One of the most powerful things you can do as the archenemy is have tons of mana. In normal Magic, if you want to draw extra cards, you have to pay mana to play a spell from your hand. That's not true in Archenemy, as there are plenty of schemes like this one.

This isn't the only scheme that explicitly gives you more cards in your hand. There are also plenty of schemes that don't draw you cards, but put you up plenty of resources on your opponents anyway, which is nearly as good as drawing you cards. Here's one of them.

Finally, there are schemes that allow you to pay mana for things, which will reward you having lots of mana. Here's a nice one.

Don't be afraid to mana flood. Every time you do, you will be eventually rewarded by your scheme deck.

Encourage Dissent

The most terrifying thing for you as an archenemy is a team of opponents that is working together seamlessly. Magic cards combine in endlessly complex ways with each other, and a team that is willing to put all their cards together in powerful ways is scary. Anything it takes to get them disagreeing with each other and stepping on each other's toes is a great idea. Lucky for you, there are schemes for doing that too.

There are several of these schemes, and you'll get the most out of them by targeting the most selfish players with them. You should always be watching your opponents like a hawk, and if you do you'll know exactly which one of them won't be willing to take a hit for the team. Hit that person with these schemes, and they're sure to choose others even if they aren't supposed to.

Now, some advice about each of the decks you might get this weekend.

Assemble the Doomsday Machine

This deck is built around artifacts, and unsurprisingly several of those artifacts make mana for you. This deck gives you the opportunity to make tons of mana to leverage your schemes with, and you should play your mana accelerating artifacts as early as possible. This will help you with using your schemes, and it will also help you get the most out of the expensive bombs like Memnarch and Sundering Titan. Those are the cards that you'll need to put games away, so make sure to use things like Lightning Greaves and Synod Sanctum to protect them. Of course, you could just pop Sundering Titan in and out of the battlefield with Synod Sanctum and leave your opponents unable to cast spells ...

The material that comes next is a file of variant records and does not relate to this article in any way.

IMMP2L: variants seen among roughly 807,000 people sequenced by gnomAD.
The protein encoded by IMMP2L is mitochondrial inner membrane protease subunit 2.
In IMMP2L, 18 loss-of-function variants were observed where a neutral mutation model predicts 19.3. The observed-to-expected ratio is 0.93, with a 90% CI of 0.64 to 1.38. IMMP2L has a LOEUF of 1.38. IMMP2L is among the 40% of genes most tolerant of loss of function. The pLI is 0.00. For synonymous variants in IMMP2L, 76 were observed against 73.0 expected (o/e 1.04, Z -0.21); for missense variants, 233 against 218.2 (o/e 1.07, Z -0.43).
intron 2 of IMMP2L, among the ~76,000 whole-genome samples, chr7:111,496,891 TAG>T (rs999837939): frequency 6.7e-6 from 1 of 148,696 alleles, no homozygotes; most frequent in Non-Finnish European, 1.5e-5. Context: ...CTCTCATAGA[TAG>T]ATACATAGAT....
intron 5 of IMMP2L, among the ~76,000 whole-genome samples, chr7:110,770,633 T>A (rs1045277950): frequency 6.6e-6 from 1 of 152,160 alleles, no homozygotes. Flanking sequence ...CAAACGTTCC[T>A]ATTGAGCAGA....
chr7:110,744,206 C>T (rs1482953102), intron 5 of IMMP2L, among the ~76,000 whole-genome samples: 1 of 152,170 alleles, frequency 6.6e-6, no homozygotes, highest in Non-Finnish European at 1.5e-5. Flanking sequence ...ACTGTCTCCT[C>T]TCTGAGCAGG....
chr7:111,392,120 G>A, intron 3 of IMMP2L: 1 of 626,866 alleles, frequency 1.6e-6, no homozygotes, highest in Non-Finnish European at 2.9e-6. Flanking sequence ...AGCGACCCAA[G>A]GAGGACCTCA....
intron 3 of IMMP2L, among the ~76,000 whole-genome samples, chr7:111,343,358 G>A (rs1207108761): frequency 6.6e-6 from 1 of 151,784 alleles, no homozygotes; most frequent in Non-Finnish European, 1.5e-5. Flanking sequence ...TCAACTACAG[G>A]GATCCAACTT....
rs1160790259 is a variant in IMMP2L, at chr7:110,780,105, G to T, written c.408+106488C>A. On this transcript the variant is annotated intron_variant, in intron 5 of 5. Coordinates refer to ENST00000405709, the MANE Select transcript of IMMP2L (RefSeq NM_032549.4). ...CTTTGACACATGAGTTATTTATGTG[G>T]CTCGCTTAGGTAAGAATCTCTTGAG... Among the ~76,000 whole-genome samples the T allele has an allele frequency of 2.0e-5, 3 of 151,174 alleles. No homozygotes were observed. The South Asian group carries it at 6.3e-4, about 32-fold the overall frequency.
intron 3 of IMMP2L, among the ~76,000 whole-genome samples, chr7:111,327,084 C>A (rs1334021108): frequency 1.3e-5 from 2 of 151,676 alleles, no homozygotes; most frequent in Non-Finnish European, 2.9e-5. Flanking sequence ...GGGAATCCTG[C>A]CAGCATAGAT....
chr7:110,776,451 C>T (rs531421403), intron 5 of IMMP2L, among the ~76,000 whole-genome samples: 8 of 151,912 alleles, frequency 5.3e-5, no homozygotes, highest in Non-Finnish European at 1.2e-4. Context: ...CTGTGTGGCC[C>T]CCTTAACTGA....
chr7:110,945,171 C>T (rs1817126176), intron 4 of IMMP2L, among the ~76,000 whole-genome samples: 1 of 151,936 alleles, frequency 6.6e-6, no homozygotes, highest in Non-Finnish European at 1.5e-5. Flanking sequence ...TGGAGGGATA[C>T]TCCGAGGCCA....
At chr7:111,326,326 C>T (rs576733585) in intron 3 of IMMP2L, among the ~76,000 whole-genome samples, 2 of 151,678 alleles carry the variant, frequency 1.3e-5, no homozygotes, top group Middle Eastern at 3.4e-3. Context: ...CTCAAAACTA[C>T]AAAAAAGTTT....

Sundering Titan

Bring About the Undead Apocalypse

This is at its core a reanimator deck. You have big creatures, ways to put them in your graveyard, and ways to get them back. This style of deck can be a little inconsistent in normal Magic, but here your scheme deck will help you out a ton. It's full of things that make your opponents discard and things that reanimate dead things. Make sure to pave the way for your schemes to do their work by making your opponents discard things early in the game. Several of your schemes will pop out of nowhere looking for cards in your opponents' graveyards, so do your best to give them something to find.

Avatar of Woe
Scion of Darkness

Scorch the World with Dragonfire

Do you like dragons? This is the deck for you. It's full of enormous and powerful creatures ready to take huge chunks out of your opponent. The key while playing this deck is to not get so far behind before your dragons come out that you can't catch up. The removal spells in this deck include cards like Breath of Darigaaz and Branching Bolt that can take out multiple creatures if managed carefully, and you'll be in the best position for your dragons to win the game if you use them well.

Breath of Darigaaz
Branching Bolt

Trample Civilization Underfoot

This is a green deck full of big monsters and mana acceleration. Just like the artifact deck, you'll get the most out of this one by ramping your mana as much as possible and letting your schemes and big creatures do their work. The most dangerous thing you can do with this deck, however, is put your eggs in too few baskets. There are several cards like Armadillo Cloak and Forgotten Ancient that can leave you weak to one or two removal spells. Use your Forgotten Ancient to spread counters around liberally, and don't automatically Armadillo Cloak your best creature each time. The heroes can usually dig up one or two kill spells; make it hard for them to devastate you with them.

Armadillo Cloak
Forgotten Ancient

We're almost out of time. I hope this has been worthwhile for you, but we won't really know if it was until tonight. The Archenemy Release Events tonight and tomorrow will be swarming with meddling do-gooders who want to wipe the earth of people like us, and put a stop to our glorious schemes. If I did my job well today, you won't let them.

Go forth and conquer.

Last Week's Poll

Which of the Rise of the Eldrazi intro packs is your favorite?
I don't have an opinion. 2321 55.5%
Levelers' Glory 592 14.2%
Eldrazi Arisen 444 10.6%
Invading Spawn 357 8.5%
Totem Power 338 8.1%
Levelers' Scorn 128 3.1%
Total 4180 100.0%